ST. THOMAS, Ont. — When Sheldon Keefe watched back video of the Toronto Maple Leafs‘ first pre-season game, he saw Conor Timmins help set up both his split squad’s goals plus a few more quality scoring opportunities Sunday in Ottawa.
Timmins could’ve had four points if some guys finished their chances, the coach thought.
Well, on Wednesday night at Joe Thornton Community Centre, some guys did finish their chances. And Timmins did have four points, all primary, in a 5-2 victory over the Buffalo Sabres. Two goals, two beautiful assists.
That makes six points in two games for Toronto’s seventh defenceman.
And if we were to tell you that Conor would be the NHL’s preseason scoring leader, you would tell us we were short an n.
“Unbelievable. A lot of fun to watch. You could see he was feeling it out there,” beamed the speedy Sam Lafferty, who scored shorthanded. “The goal was really nice, but that assist he had was pretty spectacular. It’s fun to see one of the guys feeling it like that.”
Which assist? The one where he burst down the right wing, beat one defender wide, then threaded a seam pass through another to Kyle Clifford?
Or the one where he sifted a long-range touchdown pass to Max Domi, who had just hopped out of the penalty box?
“That’s an all-world pass,” Domi said. “Anytime you get a penalty, you’re hoping you get a breakaway when you get out, right? Unbelievable pass. Sauced right over the guy’s stick. Didn’t want to waste it for him.”
That Timmins is finding his way onto the scoresheet is no surprise to Keefe.
Remember, the mid-season pickup from Arizona piled up 14 points in 25 games for Toronto last season, despite seeing third-pair minutes.
The Maple Leafs’ mission with Timmins, 25, is to round out his game so he can be just as effective in his own zone, without the puck.
“It’s a matter of consistency,” Keefe said. “There’s more to playing that position, right? It’s consistently being reliable to break the puck out, reliable to defend, reliable to play against good players at times, not have to be sheltered. All those kinds of things are important to take a step.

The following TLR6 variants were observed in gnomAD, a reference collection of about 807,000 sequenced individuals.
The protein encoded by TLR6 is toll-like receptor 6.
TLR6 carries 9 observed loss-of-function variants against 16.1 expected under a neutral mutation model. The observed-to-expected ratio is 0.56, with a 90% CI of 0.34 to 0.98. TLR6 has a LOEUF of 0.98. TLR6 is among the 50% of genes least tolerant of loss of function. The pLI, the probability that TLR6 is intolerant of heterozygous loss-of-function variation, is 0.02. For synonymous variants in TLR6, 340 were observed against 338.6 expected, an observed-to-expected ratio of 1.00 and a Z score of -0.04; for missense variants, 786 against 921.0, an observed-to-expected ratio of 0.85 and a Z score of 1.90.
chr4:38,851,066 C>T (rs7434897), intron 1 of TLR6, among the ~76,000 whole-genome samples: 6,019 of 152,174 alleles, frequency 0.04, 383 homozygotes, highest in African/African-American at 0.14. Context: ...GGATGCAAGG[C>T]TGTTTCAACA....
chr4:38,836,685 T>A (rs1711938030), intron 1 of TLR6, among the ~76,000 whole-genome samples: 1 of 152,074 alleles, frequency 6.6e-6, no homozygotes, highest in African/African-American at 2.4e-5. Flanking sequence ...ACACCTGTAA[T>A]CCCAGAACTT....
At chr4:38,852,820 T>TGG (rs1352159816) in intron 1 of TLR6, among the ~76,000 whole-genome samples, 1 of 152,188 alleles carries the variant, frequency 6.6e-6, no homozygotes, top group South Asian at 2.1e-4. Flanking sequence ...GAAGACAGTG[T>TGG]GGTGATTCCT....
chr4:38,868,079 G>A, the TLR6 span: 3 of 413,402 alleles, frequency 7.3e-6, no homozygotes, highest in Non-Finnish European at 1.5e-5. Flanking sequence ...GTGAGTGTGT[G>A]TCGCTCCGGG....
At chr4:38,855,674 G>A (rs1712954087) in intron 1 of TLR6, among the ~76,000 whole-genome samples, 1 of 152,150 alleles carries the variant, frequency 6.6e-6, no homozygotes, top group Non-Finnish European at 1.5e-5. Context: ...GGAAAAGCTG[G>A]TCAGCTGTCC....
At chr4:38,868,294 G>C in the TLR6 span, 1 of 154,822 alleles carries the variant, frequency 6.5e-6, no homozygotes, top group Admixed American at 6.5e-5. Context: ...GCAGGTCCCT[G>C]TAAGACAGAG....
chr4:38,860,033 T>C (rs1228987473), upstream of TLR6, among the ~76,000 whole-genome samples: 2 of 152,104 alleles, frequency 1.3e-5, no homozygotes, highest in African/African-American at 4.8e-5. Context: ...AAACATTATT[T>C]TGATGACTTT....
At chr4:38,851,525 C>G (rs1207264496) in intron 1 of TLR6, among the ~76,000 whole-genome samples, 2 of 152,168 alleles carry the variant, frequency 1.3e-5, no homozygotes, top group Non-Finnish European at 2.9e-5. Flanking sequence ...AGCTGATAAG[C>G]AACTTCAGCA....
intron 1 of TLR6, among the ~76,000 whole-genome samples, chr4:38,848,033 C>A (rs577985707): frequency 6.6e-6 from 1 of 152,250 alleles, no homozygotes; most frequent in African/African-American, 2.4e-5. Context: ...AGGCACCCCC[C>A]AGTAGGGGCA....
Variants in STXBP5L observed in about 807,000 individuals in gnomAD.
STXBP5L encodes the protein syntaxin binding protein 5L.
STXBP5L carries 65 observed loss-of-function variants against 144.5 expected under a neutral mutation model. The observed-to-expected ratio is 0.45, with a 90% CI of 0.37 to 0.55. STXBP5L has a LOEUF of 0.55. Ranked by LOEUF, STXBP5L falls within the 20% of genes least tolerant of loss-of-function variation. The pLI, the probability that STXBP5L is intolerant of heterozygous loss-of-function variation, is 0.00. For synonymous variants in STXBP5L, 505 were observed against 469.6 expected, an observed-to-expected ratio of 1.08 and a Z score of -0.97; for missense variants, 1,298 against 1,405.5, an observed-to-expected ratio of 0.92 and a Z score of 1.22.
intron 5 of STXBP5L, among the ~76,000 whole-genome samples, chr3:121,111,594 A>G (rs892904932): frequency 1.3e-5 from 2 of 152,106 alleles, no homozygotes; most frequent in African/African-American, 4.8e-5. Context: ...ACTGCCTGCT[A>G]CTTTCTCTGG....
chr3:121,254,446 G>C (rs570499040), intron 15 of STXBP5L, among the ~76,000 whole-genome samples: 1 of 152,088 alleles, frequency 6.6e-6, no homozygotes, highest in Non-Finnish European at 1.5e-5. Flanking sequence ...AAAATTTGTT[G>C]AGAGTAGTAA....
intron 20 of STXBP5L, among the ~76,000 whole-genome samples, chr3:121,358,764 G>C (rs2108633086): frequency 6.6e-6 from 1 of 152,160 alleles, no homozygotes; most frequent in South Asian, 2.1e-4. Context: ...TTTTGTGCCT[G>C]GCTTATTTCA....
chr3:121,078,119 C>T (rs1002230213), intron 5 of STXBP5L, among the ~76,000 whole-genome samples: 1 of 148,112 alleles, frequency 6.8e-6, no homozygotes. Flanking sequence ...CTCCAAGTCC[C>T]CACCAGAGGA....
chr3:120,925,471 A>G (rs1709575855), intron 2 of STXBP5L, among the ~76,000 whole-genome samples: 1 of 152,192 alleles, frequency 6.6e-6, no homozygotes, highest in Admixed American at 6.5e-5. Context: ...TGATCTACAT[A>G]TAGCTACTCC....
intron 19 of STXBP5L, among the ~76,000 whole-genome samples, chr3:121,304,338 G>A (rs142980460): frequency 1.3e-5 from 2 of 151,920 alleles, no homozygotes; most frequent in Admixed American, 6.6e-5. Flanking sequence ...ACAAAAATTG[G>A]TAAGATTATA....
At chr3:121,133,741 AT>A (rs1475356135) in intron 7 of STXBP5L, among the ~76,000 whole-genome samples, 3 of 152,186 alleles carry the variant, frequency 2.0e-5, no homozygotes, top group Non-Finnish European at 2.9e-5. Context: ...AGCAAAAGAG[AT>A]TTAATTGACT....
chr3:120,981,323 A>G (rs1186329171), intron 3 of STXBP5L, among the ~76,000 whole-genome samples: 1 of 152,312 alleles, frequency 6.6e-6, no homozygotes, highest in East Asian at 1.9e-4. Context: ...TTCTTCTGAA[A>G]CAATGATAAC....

“He’s worked really hard to give himself a chance to compete here in camp, and it’s good to see him get rewarded on a night like tonight.”
Timmins was a pending RFA when former GM Kyle Dubas acquired him. He swiftly inked a two-year extension that carries a $1.1-million cap hit. Yet, in light of Toronto’s veteran depth, Timmins was a professional practice player throughout the Leafs’ post-season.
The St. Catherines, Ont., spent the entire summer in Toronto, training at the club’s facility and packing on muscle, bumping his weight to 206 pounds. He feels stronger and, thanks to the early production, more assertive.
“Obviously, it’ll give me some confidence going forward. But, I mean, the points aren’t really something I’m focused on,” Timmins said.
Throughout the summer and into camp, Timmins has been striving to tighten his defensive gaps, win his corner battles and make smart plays on breakouts.
“He’s not fun to play against,” Domi said. “Good skater. Big body. Strong. Boxes out pretty good. And he can make plays. Both him and Timmy Liljegren, they’re underrated, right?”
The difference between the two right shots is that Timmins currently sits outside Toronto’s top six, and his path to becoming a fixture is complicated.
Timmins is no longer waivers-exempt, so the cap-crunched Leafs will either hang onto him as a seventh D or risk losing the player if they send him down the AHL before opening night.
Of course, rosters are forever in flux, and the threat of injury always looms.
John Klingberg — another offensively blessed righty — left Wednesday’s exhibition early due to an undisclosed injury. (Keefe said the measure was precautionary and that Klingberg needed further evaluation before determining the severity of the ailment.)
Klingberg’s absence opened even more ice time for Timmins, and he took full advantage, treating the Kraft Hockeyville town of St. Thomas to a four-point show.
“It reminded me of my junior days,” Timmins smiled. “I played a year in Junior B when I was 16 years old, and it is kind of similar to this. A lot of kids tonight. They were really loud. It was great.”